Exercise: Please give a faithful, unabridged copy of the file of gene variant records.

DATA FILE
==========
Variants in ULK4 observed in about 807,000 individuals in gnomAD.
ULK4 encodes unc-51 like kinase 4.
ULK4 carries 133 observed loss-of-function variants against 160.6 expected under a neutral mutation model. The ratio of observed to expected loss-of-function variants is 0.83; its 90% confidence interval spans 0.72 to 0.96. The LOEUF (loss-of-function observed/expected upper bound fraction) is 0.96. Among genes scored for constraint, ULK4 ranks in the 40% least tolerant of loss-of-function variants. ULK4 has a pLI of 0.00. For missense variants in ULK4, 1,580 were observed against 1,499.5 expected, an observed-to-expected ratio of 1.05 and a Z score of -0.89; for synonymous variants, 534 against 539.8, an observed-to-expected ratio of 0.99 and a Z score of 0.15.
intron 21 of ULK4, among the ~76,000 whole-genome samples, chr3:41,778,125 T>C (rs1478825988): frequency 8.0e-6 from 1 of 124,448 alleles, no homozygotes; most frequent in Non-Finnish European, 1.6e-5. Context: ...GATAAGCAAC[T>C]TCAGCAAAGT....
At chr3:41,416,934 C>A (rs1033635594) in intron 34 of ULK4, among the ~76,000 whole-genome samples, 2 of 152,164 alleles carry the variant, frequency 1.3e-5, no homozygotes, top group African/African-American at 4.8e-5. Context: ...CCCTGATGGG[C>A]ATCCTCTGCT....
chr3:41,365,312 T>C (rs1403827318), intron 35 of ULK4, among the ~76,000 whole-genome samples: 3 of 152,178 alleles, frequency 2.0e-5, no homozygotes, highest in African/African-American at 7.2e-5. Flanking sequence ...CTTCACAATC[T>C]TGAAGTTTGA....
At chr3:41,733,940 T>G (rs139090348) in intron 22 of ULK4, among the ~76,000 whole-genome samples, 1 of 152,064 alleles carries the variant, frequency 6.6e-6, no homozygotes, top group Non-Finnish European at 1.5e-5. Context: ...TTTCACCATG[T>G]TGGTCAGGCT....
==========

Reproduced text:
Variants in ULK4 observed in about 807,000 individuals in gnomAD.
ULK4 encodes unc-51 like kinase 4.
ULK4 carries 133 observed loss-of-function variants against 160.6 expected under a neutral mutation model. The ratio of observed to expected loss-of-function variants is 0.83; its 90% confidence interval spans 0.72 to 0.96. The LOEUF (loss-of-function observed/expected upper bound fraction) is 0.96. Among genes scored for constraint, ULK4 ranks in the 40% least tolerant of loss-of-function variants. ULK4 has a pLI of 0.00. For missense variants in ULK4, 1,580 were observed against 1,499.5 expected, an observed-to-expected ratio of 1.05 and a Z score of -0.89; for synonymous variants, 534 against 539.8, an observed-to-expected ratio of 0.99 and a Z score of 0.15.
intron 21 of ULK4, among the ~76,000 whole-genome samples, chr3:41,778,125 T>C (rs1478825988): frequency 8.0e-6 from 1 of 124,448 alleles, no homozygotes; most frequent in Non-Finnish European, 1.6e-5. Context: ...GATAAGCAAC[T>C]TCAGCAAAGT....
At chr3:41,416,934 C>A (rs1033635594) in intron 34 of ULK4, among the ~76,000 whole-genome samples, 2 of 152,164 alleles carry the variant, frequency 1.3e-5, no homozygotes, top group African/African-American at 4.8e-5. Context: ...CCCTGATGGG[C>A]ATCCTCTGCT....
chr3:41,365,312 T>C (rs1403827318), intron 35 of ULK4, among the ~76,000 whole-genome samples: 3 of 152,178 alleles, frequency 2.0e-5, no homozygotes, highest in African/African-American at 7.2e-5. Flanking sequence ...CTTCACAATC[T>C]TGAAGTTTGA....
At chr3:41,733,940 T>G (rs139090348) in intron 22 of ULK4, among the ~76,000 whole-genome samples, 1 of 152,064 alleles carries the variant, frequency 6.6e-6, no homozygotes, top group Non-Finnish European at 1.5e-5. Context: ...TTTCACCATG[T>G]TGGTCAGGCT....